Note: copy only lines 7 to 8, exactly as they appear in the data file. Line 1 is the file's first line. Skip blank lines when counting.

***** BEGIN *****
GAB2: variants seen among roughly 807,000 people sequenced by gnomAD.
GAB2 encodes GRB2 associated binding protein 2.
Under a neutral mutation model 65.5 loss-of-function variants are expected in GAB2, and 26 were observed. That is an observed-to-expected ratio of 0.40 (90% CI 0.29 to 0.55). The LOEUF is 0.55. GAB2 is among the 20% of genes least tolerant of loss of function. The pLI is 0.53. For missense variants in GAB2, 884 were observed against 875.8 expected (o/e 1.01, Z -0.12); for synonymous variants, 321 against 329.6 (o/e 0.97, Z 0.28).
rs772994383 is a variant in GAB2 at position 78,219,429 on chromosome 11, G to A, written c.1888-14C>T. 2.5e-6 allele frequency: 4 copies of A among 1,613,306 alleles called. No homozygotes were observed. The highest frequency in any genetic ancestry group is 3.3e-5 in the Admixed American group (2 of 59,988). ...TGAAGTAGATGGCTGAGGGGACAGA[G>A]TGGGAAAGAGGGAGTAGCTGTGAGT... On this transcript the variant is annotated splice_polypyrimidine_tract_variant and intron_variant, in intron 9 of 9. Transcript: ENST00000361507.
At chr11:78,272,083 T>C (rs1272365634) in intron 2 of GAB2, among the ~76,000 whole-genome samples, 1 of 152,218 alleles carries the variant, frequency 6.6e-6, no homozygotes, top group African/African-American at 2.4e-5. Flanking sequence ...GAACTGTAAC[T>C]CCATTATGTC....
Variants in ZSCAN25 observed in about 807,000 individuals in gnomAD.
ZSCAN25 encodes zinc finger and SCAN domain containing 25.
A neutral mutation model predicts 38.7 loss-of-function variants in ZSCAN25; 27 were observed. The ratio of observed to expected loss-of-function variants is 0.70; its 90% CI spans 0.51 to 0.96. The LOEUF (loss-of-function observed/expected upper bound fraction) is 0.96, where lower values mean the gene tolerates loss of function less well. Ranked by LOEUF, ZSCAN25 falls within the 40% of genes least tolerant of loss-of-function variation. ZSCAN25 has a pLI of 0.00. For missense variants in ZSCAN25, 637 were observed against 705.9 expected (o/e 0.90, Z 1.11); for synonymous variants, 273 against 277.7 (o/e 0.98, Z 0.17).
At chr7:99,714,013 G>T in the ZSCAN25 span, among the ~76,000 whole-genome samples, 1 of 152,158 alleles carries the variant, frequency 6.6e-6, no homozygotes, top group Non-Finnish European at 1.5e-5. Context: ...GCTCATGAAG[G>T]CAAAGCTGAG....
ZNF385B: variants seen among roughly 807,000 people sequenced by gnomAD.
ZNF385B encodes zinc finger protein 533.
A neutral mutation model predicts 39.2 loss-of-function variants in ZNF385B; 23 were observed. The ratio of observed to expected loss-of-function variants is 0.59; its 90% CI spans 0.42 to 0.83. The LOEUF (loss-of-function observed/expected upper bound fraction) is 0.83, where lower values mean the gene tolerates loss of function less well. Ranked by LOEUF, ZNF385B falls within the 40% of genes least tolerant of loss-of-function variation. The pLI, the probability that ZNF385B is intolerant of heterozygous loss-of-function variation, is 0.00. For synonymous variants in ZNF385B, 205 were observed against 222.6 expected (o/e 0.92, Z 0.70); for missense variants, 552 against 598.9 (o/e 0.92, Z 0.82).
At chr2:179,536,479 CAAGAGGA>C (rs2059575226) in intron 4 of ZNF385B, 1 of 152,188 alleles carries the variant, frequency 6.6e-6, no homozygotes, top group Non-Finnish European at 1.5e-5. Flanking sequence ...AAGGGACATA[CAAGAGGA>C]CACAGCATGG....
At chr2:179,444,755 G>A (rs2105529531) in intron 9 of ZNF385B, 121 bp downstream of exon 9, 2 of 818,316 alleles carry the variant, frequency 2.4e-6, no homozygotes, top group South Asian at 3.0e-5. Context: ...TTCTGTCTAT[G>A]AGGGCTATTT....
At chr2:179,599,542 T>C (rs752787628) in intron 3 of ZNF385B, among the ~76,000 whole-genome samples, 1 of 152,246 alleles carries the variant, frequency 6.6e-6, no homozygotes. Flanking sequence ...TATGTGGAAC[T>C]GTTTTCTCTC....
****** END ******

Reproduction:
ZSCAN25 encodes zinc finger and SCAN domain containing 25.
A neutral mutation model predicts 38.7 loss-of-function variants in ZSCAN25; 27 were observed. The ratio of observed to expected loss-of-function variants is 0.70; its 90% CI spans 0.51 to 0.96. The LOEUF (loss-of-function observed/expected upper bound fraction) is 0.96, where lower values mean the gene tolerates loss of function less well. Ranked by LOEUF, ZSCAN25 falls within the 40% of genes least tolerant of loss-of-function variation. ZSCAN25 has a pLI of 0.00. For missense variants in ZSCAN25, 637 were observed against 705.9 expected (o/e 0.90, Z 1.11); for synonymous variants, 273 against 277.7 (o/e 0.98, Z 0.17).